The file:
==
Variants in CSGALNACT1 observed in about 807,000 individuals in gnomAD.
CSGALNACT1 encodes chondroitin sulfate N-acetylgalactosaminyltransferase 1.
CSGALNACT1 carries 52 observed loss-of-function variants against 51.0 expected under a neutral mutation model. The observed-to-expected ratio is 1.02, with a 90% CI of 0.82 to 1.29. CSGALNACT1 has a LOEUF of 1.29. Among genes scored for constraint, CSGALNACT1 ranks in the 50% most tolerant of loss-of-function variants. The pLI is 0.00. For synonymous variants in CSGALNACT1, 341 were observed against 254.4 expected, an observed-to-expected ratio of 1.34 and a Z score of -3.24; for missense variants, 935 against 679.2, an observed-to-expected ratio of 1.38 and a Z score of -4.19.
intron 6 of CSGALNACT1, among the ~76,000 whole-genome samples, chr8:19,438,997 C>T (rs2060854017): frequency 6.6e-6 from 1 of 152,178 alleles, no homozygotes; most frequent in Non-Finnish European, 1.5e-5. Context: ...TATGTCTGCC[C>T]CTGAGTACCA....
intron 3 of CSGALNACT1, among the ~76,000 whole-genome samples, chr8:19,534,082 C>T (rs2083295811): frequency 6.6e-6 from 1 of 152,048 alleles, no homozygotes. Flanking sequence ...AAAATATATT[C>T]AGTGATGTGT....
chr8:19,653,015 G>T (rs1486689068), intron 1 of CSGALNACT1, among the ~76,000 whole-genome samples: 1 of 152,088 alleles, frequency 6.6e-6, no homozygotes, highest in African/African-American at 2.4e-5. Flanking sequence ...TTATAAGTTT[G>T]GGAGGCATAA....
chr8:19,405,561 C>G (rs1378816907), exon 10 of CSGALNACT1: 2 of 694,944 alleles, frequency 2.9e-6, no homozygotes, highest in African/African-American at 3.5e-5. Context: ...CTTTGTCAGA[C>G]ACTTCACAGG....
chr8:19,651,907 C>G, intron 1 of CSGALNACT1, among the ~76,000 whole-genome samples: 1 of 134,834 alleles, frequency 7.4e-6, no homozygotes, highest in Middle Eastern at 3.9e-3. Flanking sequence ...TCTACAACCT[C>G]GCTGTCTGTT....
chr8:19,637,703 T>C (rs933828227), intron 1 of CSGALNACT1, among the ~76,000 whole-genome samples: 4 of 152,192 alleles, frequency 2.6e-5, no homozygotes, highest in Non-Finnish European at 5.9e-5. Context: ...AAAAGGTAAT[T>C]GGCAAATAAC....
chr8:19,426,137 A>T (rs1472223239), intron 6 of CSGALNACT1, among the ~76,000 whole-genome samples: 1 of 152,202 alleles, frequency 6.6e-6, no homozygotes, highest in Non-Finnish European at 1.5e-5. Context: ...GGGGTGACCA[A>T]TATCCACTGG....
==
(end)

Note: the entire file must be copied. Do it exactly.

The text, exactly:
Variants in CSGALNACT1 observed in about 807,000 individuals in gnomAD.
CSGALNACT1 encodes chondroitin sulfate N-acetylgalactosaminyltransferase 1.
CSGALNACT1 carries 52 observed loss-of-function variants against 51.0 expected under a neutral mutation model. The observed-to-expected ratio is 1.02, with a 90% CI of 0.82 to 1.29. CSGALNACT1 has a LOEUF of 1.29. Among genes scored for constraint, CSGALNACT1 ranks in the 50% most tolerant of loss-of-function variants. The pLI is 0.00. For synonymous variants in CSGALNACT1, 341 were observed against 254.4 expected, an observed-to-expected ratio of 1.34 and a Z score of -3.24; for missense variants, 935 against 679.2, an observed-to-expected ratio of 1.38 and a Z score of -4.19.
intron 6 of CSGALNACT1, among the ~76,000 whole-genome samples, chr8:19,438,997 C>T (rs2060854017): frequency 6.6e-6 from 1 of 152,178 alleles, no homozygotes; most frequent in Non-Finnish European, 1.5e-5. Context: ...TATGTCTGCC[C>T]CTGAGTACCA....
intron 3 of CSGALNACT1, among the ~76,000 whole-genome samples, chr8:19,534,082 C>T (rs2083295811): frequency 6.6e-6 from 1 of 152,048 alleles, no homozygotes. Flanking sequence ...AAAATATATT[C>T]AGTGATGTGT....
chr8:19,653,015 G>T (rs1486689068), intron 1 of CSGALNACT1, among the ~76,000 whole-genome samples: 1 of 152,088 alleles, frequency 6.6e-6, no homozygotes, highest in African/African-American at 2.4e-5. Flanking sequence ...TTATAAGTTT[G>T]GGAGGCATAA....
chr8:19,405,561 C>G (rs1378816907), exon 10 of CSGALNACT1: 2 of 694,944 alleles, frequency 2.9e-6, no homozygotes, highest in African/African-American at 3.5e-5. Context: ...CTTTGTCAGA[C>G]ACTTCACAGG....
chr8:19,651,907 C>G, intron 1 of CSGALNACT1, among the ~76,000 whole-genome samples: 1 of 134,834 alleles, frequency 7.4e-6, no homozygotes, highest in Middle Eastern at 3.9e-3. Flanking sequence ...TCTACAACCT[C>G]GCTGTCTGTT....
chr8:19,637,703 T>C (rs933828227), intron 1 of CSGALNACT1, among the ~76,000 whole-genome samples: 4 of 152,192 alleles, frequency 2.6e-5, no homozygotes, highest in Non-Finnish European at 5.9e-5. Context: ...AAAAGGTAAT[T>C]GGCAAATAAC....
chr8:19,426,137 A>T (rs1472223239), intron 6 of CSGALNACT1, among the ~76,000 whole-genome samples: 1 of 152,202 alleles, frequency 6.6e-6, no homozygotes, highest in Non-Finnish European at 1.5e-5. Context: ...GGGGTGACCA[A>T]TATCCACTGG....